Things You'll Never Tell Your Children
it distracts from the powder under your fingernails;
you were making pancakes with your four-year-old daughter.
she sings small songs of stuffed animals and spilled juice,
it reminds you of babysitting your little brother
barely seven, who used to put cockroaches in the microwave.
he sang about the splatters on the little plastic door.
you tell people, the stage is so much more a home to you
than it used to be.
strangers have memories of a broken young man
atomic bomb poems,
his hair a suicidal black,
he would get electrocuted by the microphone every time he tried to sing.
people laugh and say “that part of you? he’s dead now,”
that sugar-tongued boy still exists
re-appearing in shadows and toxic moments of quiet,
he breathes smoke plumes down your neck
making you wonder why you ever quit cigarettes.
bleached hair doesn’t look nearly as good, but it serves the purpose,
distracting from the powder under your fingernails,
you were making something much messier than pancakes:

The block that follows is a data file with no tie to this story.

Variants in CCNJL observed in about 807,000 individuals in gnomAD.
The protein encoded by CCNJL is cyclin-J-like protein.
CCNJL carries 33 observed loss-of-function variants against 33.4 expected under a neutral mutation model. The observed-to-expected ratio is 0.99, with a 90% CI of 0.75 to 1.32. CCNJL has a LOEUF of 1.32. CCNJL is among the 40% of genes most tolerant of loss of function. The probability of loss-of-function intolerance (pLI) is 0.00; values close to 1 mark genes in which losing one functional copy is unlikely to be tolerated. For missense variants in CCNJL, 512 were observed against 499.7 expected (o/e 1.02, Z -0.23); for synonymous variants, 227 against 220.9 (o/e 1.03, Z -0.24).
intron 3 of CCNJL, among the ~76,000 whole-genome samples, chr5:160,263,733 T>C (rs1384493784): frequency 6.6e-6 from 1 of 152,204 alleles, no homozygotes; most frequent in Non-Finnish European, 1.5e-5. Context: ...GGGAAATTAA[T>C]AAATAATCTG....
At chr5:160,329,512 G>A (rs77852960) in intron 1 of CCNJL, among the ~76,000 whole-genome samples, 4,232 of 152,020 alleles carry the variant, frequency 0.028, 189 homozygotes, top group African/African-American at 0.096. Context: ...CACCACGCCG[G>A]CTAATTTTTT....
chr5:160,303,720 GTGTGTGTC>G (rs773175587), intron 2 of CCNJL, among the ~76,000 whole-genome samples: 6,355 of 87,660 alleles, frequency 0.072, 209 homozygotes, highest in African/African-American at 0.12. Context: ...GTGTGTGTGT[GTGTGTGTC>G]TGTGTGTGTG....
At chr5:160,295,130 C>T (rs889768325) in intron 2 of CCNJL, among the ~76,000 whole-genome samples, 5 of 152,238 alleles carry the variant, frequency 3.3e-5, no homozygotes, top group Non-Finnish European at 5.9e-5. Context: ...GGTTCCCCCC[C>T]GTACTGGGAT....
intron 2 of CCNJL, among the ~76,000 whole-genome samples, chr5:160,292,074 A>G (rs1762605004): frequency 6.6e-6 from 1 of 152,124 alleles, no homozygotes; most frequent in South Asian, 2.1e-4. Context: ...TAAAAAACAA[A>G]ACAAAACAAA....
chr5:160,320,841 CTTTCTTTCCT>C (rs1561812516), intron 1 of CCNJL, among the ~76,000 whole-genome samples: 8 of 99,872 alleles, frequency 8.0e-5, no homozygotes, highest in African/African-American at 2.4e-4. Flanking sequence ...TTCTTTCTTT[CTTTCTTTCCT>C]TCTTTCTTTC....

a fool of yourself.
looking in the mirror, you try to remember your best friend,
all tear gas and Clorox stained lips
they were the type of mess that MTV cherished.
X’s painted over their eyes
they punched holes through hotel televisions
because they hated how people would call them
you try to remember what they smelled like
but all you can conjure are possibilities
medicated and moved on from
like old stomachaches.
your bitter young man comes back every once and a while
blowing ashes onto your notebook pages
casting jealous glances at your four-year-old daughter
he hisses “what on earth have you become?”
you say “an adult” and refuse to blink when he breaks a mirror,
rips the door off its hinges
or carves his name into the screen of your television.